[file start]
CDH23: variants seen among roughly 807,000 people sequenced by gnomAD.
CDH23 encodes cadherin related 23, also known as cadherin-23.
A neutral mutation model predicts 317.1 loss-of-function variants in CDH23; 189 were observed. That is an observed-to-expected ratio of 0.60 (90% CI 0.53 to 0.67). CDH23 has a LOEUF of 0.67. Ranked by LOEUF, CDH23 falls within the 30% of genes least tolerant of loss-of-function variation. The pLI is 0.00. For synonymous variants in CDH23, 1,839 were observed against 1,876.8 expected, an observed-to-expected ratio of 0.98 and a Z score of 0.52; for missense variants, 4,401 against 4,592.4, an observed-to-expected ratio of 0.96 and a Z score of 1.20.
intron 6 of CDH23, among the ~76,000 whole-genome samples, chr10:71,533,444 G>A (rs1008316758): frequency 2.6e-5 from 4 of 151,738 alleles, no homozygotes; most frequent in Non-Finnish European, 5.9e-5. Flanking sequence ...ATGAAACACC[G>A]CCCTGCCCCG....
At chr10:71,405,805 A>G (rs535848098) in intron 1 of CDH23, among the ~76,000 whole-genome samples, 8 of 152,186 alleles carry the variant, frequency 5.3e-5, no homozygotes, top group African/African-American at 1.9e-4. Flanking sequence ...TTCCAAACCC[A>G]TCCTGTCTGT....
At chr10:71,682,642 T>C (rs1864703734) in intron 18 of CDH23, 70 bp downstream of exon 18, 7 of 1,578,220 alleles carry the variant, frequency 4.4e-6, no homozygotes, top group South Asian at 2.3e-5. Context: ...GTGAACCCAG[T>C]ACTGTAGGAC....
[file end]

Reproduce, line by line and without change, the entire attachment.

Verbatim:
CDH23: variants seen among roughly 807,000 people sequenced by gnomAD.
CDH23 encodes cadherin related 23, also known as cadherin-23.
A neutral mutation model predicts 317.1 loss-of-function variants in CDH23; 189 were observed. That is an observed-to-expected ratio of 0.60 (90% CI 0.53 to 0.67). CDH23 has a LOEUF of 0.67. Ranked by LOEUF, CDH23 falls within the 30% of genes least tolerant of loss-of-function variation. The pLI is 0.00. For synonymous variants in CDH23, 1,839 were observed against 1,876.8 expected, an observed-to-expected ratio of 0.98 and a Z score of 0.52; for missense variants, 4,401 against 4,592.4, an observed-to-expected ratio of 0.96 and a Z score of 1.20.
intron 6 of CDH23, among the ~76,000 whole-genome samples, chr10:71,533,444 G>A (rs1008316758): frequency 2.6e-5 from 4 of 151,738 alleles, no homozygotes; most frequent in Non-Finnish European, 5.9e-5. Flanking sequence ...ATGAAACACC[G>A]CCCTGCCCCG....
At chr10:71,405,805 A>G (rs535848098) in intron 1 of CDH23, among the ~76,000 whole-genome samples, 8 of 152,186 alleles carry the variant, frequency 5.3e-5, no homozygotes, top group African/African-American at 1.9e-4. Flanking sequence ...TTCCAAACCC[A>G]TCCTGTCTGT....
At chr10:71,682,642 T>C (rs1864703734) in intron 18 of CDH23, 70 bp downstream of exon 18, 7 of 1,578,220 alleles carry the variant, frequency 4.4e-6, no homozygotes, top group South Asian at 2.3e-5. Context: ...GTGAACCCAG[T>C]ACTGTAGGAC....